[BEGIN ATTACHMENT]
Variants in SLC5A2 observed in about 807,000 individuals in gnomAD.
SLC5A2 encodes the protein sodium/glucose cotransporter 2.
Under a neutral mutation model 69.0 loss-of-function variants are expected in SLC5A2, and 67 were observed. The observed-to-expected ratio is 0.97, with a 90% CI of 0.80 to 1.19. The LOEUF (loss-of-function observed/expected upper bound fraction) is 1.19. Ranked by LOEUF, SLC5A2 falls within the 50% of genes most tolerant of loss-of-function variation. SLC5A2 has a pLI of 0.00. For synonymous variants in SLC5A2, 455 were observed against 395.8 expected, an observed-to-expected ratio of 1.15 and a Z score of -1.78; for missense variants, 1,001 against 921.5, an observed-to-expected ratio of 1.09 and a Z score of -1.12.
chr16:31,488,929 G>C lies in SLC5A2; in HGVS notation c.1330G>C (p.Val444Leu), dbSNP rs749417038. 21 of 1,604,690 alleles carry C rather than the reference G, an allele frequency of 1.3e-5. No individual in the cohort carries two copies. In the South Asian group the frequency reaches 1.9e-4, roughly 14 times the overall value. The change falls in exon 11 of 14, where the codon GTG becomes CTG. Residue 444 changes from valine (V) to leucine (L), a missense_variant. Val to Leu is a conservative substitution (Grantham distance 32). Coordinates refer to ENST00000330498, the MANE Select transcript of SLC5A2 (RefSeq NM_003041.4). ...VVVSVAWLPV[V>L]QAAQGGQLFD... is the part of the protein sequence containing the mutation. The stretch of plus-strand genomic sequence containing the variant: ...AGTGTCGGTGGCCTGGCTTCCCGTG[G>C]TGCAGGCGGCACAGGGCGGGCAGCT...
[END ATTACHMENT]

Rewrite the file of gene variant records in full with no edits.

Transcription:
Variants in SLC5A2 observed in about 807,000 individuals in gnomAD.
SLC5A2 encodes the protein sodium/glucose cotransporter 2.
Under a neutral mutation model 69.0 loss-of-function variants are expected in SLC5A2, and 67 were observed. The observed-to-expected ratio is 0.97, with a 90% CI of 0.80 to 1.19. The LOEUF (loss-of-function observed/expected upper bound fraction) is 1.19. Ranked by LOEUF, SLC5A2 falls within the 50% of genes most tolerant of loss-of-function variation. SLC5A2 has a pLI of 0.00. For synonymous variants in SLC5A2, 455 were observed against 395.8 expected, an observed-to-expected ratio of 1.15 and a Z score of -1.78; for missense variants, 1,001 against 921.5, an observed-to-expected ratio of 1.09 and a Z score of -1.12.
chr16:31,488,929 G>C lies in SLC5A2; in HGVS notation c.1330G>C (p.Val444Leu), dbSNP rs749417038. 21 of 1,604,690 alleles carry C rather than the reference G, an allele frequency of 1.3e-5. No individual in the cohort carries two copies. In the South Asian group the frequency reaches 1.9e-4, roughly 14 times the overall value. The change falls in exon 11 of 14, where the codon GTG becomes CTG. Residue 444 changes from valine (V) to leucine (L), a missense_variant. Val to Leu is a conservative substitution (Grantham distance 32). Coordinates refer to ENST00000330498, the MANE Select transcript of SLC5A2 (RefSeq NM_003041.4). ...VVVSVAWLPV[V>L]QAAQGGQLFD... is the part of the protein sequence containing the mutation. The stretch of plus-strand genomic sequence containing the variant: ...AGTGTCGGTGGCCTGGCTTCCCGTG[G>C]TGCAGGCGGCACAGGGCGGGCAGCT...